I am very interested in the new generations, what is new that comes out. C. Tangana called me to ask my permission to catch the chorus of ‘How do you want me to love you’ and I was delighted that he took an interest in me. I am interested in everything that I can take from my youth and that rings true, because I will never do anything that I do not believe or feel.

The ballad ‘You have to live’ has a delicate undertone.

I dedicated it to Antonio Carmona, who was very ill, two weeks in a coma. I saw him tubed and I went home to pick up the guitar. And now, with the pandemic, if you can relieve a person who has his loved ones bad, then music is medicine.

With the pandemic, if you can relieve a person who has bad loved ones, then music is medicine

Where does that unpublished lyrics by Manolo Tena, ‘Como si nada’ come from?

Fernando Illán showed it to me and I saw there those “verses of fire, verses of snow”. I thought: “Manolo, you are sending it to me from heaven.” He was always a good friend of mine. He wrote the lyrics for ‘De ley’ and other songs. He was from my generation: there were also my brother Antonio, and Antonio Vega… What pieces of artists.

All in all, this is a more elusive and less mystical album than the previous one, ‘Gloria a ti’ (2015).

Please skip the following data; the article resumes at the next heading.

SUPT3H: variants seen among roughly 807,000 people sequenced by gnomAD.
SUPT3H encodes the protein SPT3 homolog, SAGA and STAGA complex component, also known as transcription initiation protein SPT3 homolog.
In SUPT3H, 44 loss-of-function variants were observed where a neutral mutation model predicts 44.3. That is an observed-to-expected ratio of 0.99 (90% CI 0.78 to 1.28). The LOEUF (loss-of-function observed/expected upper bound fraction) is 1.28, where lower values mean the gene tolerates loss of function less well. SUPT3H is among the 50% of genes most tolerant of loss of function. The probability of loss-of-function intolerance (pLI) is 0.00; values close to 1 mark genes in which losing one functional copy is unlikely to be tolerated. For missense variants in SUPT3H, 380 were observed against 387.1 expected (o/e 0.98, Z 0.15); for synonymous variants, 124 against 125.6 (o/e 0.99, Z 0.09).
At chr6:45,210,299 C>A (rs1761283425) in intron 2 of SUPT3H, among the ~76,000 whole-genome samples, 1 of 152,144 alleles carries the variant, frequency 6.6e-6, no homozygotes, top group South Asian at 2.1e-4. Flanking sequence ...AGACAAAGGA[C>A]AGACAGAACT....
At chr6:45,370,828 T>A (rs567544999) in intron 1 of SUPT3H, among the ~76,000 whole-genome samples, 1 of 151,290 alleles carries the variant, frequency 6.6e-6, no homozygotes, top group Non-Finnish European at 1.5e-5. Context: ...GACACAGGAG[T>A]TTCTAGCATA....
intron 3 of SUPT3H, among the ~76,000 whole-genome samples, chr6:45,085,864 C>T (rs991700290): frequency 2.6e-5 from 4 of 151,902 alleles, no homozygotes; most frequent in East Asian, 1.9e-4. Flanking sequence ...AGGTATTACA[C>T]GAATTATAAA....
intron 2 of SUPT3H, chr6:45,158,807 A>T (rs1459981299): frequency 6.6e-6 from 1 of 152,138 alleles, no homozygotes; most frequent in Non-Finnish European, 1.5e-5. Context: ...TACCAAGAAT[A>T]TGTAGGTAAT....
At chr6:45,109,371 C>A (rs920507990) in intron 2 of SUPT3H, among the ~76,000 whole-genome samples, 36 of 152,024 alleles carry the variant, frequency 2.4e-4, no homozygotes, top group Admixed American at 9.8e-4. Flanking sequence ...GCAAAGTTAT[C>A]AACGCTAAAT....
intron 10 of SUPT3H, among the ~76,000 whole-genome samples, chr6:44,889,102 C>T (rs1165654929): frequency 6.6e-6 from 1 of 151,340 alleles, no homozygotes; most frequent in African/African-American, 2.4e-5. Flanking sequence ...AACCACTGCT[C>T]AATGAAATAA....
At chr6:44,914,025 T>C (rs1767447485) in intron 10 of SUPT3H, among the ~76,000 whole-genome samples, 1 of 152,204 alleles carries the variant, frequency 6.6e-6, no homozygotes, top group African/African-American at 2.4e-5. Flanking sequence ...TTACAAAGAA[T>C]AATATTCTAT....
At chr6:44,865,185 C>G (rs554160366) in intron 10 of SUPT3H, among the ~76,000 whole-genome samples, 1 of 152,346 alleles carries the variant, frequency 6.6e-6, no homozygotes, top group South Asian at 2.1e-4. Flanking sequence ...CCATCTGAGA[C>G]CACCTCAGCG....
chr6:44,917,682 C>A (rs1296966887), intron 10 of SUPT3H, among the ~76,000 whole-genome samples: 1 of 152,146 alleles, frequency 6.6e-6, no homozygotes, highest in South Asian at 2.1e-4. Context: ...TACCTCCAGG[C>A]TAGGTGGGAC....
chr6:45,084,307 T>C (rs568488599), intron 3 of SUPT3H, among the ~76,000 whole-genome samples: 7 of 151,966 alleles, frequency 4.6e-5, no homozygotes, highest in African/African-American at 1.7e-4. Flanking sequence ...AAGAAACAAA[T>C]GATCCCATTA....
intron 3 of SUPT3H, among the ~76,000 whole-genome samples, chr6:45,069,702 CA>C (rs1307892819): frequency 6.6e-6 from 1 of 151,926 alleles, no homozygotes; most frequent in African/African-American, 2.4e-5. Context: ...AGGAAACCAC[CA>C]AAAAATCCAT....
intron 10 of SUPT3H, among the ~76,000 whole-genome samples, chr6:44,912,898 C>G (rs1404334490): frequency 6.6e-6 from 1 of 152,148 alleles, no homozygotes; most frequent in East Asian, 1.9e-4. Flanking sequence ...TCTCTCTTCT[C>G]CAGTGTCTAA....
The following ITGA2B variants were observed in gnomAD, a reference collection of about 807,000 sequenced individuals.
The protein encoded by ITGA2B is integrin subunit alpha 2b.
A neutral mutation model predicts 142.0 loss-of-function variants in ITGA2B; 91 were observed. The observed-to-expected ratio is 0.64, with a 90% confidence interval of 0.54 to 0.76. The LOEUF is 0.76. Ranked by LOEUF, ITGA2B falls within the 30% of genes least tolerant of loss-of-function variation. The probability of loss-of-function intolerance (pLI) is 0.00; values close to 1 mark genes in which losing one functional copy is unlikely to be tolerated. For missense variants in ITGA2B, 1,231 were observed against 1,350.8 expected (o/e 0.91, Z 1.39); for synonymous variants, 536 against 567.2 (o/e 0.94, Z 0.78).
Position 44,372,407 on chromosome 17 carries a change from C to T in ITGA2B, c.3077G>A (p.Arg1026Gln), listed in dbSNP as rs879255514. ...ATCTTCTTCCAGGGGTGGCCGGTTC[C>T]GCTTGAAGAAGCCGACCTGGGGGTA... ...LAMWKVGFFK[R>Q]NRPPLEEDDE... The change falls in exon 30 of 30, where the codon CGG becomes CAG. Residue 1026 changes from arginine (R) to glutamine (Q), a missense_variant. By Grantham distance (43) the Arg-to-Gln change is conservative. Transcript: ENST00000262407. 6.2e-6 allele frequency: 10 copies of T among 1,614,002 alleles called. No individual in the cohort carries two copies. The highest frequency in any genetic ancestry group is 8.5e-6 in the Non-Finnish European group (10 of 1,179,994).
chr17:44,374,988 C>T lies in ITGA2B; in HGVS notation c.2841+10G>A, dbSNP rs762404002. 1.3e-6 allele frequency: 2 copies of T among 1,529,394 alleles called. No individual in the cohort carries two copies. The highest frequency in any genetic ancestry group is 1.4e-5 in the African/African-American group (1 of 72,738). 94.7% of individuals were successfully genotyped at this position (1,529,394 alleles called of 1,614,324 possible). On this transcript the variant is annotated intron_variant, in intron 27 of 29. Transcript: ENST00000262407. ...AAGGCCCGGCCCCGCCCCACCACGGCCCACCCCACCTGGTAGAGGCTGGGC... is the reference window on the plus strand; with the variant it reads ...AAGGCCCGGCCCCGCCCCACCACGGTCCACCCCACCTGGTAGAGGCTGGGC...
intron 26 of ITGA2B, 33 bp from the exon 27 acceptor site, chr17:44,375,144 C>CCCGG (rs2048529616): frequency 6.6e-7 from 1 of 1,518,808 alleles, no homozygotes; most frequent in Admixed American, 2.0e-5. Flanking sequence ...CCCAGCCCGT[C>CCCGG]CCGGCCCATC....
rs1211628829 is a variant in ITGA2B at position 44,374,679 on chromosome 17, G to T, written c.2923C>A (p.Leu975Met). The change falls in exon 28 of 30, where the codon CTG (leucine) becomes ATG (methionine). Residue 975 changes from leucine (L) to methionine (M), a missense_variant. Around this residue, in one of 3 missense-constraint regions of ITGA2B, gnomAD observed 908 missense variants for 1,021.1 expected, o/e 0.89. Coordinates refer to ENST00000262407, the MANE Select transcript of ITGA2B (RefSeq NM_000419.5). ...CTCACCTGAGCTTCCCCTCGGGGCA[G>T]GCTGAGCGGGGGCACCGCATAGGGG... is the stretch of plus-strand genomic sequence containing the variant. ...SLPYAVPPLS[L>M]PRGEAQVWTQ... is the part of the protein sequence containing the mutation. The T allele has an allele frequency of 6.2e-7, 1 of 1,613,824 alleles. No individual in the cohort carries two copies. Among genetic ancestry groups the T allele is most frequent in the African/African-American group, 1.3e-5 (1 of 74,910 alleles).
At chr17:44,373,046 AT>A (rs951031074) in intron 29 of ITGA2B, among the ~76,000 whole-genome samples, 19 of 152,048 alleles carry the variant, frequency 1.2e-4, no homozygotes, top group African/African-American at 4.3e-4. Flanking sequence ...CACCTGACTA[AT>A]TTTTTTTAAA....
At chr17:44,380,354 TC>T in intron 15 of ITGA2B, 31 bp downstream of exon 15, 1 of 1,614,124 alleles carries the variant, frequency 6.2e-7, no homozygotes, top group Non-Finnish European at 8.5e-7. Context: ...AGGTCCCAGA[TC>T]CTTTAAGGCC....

It is an album with positive energy. ‘Glory to you’ was heavier. I see this one cooler.

Is it also a record against noise and political trenches?

I don’t like to talk about politics, because I don’t understand or have the information to speak for sure. We gypsy flamingos do not have politics: we have the politics of love and music. I think you should never go for it. We must be free and the music must be clean.

Do you see a gypsy code there?

We gypsies are a bit far from the system and that makes us very happy. It has given us a lot of freedom. There are also shortcomings, although now there are gypsy doctors and nurses, and I love it, because we have wonderful gifts. But our philosophy is freedom.

My parents raised me in an abstract world where with a tomato, a guitar, the sun and a bonfire we are happy

Do you feel out of the system?

My parents raised me in an abstract world where with a tomato, a guitar, the sun and a bonfire we are happy. The world of matter, the possession of money, all this is secondary to us.

In his concerts he usually evokes his parents and his brother.

I am part of them and they live in me. I can’t forget who I am, the blood that I carry inside, my skin, my eyes, my hair. I carry all your gifts, your creativity. My mother is very present on the internet and everywhere, and my brother.

The beer ad with his mother’s image is daring. Did they doubt?

I thought about it a lot with my sister. I think my mother would have liked the ad, because it talks about their accent, how important each one’s roots are. Cruzcampo had a lot of interest in Mom and I didn’t see it badly. She is still alive. It is a universal icon. It could be done without our permission, but they wanted to have us. My sister and I kept telling them: “Not that face”, “that gesture is not made by mom”… Lolita put her voice to her. It was about helping them to be more of her.